The REI Igneo is our OutdoorGearLab Best Buy Award winner. It's easily on the lighter and more compressible end of the spectrum, yet in many cases, it's $100-$300 less than comparably performing bags. Performance wise, it is within 4-6 ounces and a few cubic inches of compressed volume of our Editors' Choice and Top Picks - for significantly less money.
We thought the Igneo offered excellent performance overall for its price, however, it was one of the least warm 25° F bags we tested. That said, it was a slight difference and we did think this bag was still warmer than nearly all the 30° F bags.
The REI Igneo is slightly warmer than most 30°F bags we reviewed, but slightly less warm than most of the 25° F bags we tested. The Igneo is rated to 25°F and uses 10 ounces of water-resistant 700+ fill-power duck down for insulation, which felt more comparable to most 30° F bags and in our real-world testing. We found that this contender was a touch on the cold side of 25° F bags we tested. In a direct side-by-side comparison, our testing determined that the Kelty Cosmic Down and The North Face Cat's Meow were warmer.
The Igneo 25 is our Best Buy winner because we feel it offers the most value for your dollar. At $270 this bag performs comparably to many bags that are $200 or dollars more, and is only a few ounces heavier and a 10-15% less compressible.
The Igneo also certainly isn't quite as warm as the comparably rated Sea to Summit Spark III (25°F) which features four ounces more of higher quality down and a tighter fit. It's nowhere as close to the warmth that the Western Mountaineering UltraLite (20°F) offers, which features six more ounces of slightly higher quality down (16 ounces of 850+ fill goose down). Its hood is well-designed, offering comfort and performance that resulted in an adequate job of maintaining heat. Our testers found this bag's dimensions stuck a good balance between comfort and thermal efficiency.
While we didn't think this bag was as warm as other 25° models, we did feel it sported a fairly thermally efficient cut, but it wasn't so tight that we couldn't add layers to extend this bag's range. Our testers also appreciated the thin but effective draft collar.
The Igneo weighs in at a very respectable 1 lb 10 oz, which is lighter-than-average for its temperature rating (among overall options on the market).
When you compare the Igneo to other bags in its price range, it is a pretty clear cut winner. The Igneo is over a pound lighter than the Kelty Cosmic Down (2 lbs 13 oz), half of a pound lighter than the The North Face Cat's Meow (2 lbs 5 oz), and the same as the Western Mountaineering UltraLite; however, the UltraLite is still noticeably warmer. The 700 fill-power down Igneo uses mid-range quality of down, but features a light, down proof, high-quality shell fabric that feels nice against our skin.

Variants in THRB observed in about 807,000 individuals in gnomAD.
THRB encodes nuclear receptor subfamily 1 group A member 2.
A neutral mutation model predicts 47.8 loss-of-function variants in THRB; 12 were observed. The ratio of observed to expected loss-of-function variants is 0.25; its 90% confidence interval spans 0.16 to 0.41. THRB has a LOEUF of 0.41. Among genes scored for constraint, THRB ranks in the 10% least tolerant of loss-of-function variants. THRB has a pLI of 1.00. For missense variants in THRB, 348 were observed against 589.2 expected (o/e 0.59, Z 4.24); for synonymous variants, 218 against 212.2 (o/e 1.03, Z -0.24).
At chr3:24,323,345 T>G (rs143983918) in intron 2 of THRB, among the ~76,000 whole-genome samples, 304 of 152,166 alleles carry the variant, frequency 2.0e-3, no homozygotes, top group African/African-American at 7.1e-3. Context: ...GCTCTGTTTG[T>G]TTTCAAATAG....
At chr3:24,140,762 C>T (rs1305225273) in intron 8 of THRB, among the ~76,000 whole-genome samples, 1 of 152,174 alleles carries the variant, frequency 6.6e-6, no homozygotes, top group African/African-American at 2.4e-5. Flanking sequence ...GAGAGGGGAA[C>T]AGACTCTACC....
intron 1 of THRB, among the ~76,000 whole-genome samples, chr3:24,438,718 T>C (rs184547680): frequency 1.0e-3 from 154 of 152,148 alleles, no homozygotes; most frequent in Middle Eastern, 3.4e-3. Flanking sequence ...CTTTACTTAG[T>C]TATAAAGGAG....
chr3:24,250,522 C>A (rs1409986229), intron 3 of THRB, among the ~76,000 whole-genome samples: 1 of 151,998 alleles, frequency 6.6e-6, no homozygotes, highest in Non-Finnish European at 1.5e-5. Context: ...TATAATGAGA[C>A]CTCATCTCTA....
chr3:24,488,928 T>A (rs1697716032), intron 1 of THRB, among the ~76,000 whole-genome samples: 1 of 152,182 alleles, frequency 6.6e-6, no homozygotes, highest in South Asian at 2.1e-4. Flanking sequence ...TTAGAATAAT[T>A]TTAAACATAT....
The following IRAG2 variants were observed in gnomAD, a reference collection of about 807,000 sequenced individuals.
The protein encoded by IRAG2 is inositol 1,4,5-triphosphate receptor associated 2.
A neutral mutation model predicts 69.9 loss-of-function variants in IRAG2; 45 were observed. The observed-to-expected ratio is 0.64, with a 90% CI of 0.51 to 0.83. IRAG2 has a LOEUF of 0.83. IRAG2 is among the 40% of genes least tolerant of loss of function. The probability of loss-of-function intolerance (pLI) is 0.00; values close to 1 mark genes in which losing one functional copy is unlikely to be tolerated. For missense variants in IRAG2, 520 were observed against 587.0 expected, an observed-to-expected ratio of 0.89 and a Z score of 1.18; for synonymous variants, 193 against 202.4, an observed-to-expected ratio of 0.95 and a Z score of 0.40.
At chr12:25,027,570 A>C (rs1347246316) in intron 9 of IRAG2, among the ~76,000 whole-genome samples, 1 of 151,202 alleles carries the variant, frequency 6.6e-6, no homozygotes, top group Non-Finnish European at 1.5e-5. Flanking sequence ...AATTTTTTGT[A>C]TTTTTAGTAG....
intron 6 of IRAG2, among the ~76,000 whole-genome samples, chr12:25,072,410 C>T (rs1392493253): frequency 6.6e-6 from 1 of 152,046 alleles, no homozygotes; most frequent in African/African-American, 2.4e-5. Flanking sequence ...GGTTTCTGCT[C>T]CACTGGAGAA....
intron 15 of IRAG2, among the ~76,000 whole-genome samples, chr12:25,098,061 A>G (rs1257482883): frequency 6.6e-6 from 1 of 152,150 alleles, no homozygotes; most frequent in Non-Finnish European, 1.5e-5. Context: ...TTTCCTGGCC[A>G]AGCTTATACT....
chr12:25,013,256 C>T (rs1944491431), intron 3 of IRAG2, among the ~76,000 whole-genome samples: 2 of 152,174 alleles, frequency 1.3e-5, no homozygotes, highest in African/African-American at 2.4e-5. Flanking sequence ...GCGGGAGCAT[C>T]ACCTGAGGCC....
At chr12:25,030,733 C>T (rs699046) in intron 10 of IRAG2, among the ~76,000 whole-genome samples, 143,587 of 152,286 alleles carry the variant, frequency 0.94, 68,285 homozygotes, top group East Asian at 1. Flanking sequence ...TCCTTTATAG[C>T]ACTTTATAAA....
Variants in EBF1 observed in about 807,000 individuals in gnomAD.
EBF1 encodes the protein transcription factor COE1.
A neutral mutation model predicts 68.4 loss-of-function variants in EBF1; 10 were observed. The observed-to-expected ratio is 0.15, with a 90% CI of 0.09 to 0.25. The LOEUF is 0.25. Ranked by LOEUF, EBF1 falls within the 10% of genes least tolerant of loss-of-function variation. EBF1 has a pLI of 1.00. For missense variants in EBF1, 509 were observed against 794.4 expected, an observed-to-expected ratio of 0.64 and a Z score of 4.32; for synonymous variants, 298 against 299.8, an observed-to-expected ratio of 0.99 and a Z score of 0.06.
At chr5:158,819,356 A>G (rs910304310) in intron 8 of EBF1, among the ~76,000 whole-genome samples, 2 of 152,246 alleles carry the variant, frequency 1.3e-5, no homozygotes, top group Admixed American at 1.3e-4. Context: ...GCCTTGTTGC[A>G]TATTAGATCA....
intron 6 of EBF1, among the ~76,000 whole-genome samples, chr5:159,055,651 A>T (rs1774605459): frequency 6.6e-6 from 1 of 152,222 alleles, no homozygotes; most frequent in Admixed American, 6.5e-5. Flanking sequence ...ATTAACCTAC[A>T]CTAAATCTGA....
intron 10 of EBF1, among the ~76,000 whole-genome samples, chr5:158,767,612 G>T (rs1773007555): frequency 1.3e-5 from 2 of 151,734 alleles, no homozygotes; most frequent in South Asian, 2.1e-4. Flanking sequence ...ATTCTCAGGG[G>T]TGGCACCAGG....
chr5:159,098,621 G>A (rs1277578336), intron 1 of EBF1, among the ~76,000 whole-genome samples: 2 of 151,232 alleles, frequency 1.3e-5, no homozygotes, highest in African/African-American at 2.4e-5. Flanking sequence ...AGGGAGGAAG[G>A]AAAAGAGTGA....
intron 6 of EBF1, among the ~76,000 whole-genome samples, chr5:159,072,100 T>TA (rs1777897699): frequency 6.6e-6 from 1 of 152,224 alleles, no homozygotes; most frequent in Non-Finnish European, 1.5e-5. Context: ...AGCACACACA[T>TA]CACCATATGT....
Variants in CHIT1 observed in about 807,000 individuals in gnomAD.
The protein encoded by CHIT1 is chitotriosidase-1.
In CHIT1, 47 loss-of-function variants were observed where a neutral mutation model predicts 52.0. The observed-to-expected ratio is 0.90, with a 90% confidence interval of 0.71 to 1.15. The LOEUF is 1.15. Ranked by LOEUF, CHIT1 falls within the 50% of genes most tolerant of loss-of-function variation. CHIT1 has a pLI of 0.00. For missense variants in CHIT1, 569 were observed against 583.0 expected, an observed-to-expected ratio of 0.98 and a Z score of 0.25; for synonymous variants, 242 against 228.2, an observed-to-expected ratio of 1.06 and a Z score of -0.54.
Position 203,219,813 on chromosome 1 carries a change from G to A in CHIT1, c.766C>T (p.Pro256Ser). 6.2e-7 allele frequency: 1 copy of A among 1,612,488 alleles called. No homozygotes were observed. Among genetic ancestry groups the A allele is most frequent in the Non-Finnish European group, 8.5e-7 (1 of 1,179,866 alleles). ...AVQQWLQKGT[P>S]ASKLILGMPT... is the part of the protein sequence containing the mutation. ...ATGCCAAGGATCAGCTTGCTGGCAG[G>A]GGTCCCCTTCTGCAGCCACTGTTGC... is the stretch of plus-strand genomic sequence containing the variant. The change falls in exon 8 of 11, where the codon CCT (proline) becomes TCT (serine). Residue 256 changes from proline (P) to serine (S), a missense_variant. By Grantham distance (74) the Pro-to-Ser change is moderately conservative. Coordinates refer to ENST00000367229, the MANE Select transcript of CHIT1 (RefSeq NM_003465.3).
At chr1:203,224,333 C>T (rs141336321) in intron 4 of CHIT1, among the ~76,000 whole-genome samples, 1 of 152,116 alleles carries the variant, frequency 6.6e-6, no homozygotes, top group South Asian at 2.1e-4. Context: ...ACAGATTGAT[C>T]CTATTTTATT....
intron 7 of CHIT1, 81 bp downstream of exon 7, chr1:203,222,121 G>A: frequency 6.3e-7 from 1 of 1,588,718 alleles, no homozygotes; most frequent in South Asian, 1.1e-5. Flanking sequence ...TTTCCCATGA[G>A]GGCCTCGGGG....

At 1 lbs 10 oz, the Igneo is certainly lighter than average and is FAR lighter than most other bags in its price range. It is even within 4-5 ounces of the lightest models in our review, which are often at least $130-$200 more expensive.
This contender packs down smaller than average and offers one of the better-packed sizes among 25F bags in our review. However, it doesn't pack down quite as small as its closest competitor, the Western Mountaineering Ultralite, Marmot Phase 20, or the Sea to Summit Spark III. It does, however, pack down much smaller than bags that aren't quite as warm, like the Mountain Hardwear Hyperlamina Spark 35 or the Kelty Cosmic Down 20.
It comes with an included stuff sack that is fairly lightweight but isn't particularly effective at minimizing the packed volume. In fact, with an aftermarket compression sack, we felt we could compress this bag to nearly half the volume versus using the included stuff sack.
The Igneo 25 is reasonably compressible. It's shown here in its included stuff sack along with two average sized stakes and a medium sized base layer. While its included stuff sack is fairly light, it doesn't do a very good job at minimizing the Igneo's compressed size. We found that with an aftermarket compression sack this bag could be made roughly 30-40% smaller than its packed volume with its included stuff sack.
Comfort, Spaciousness, and Fit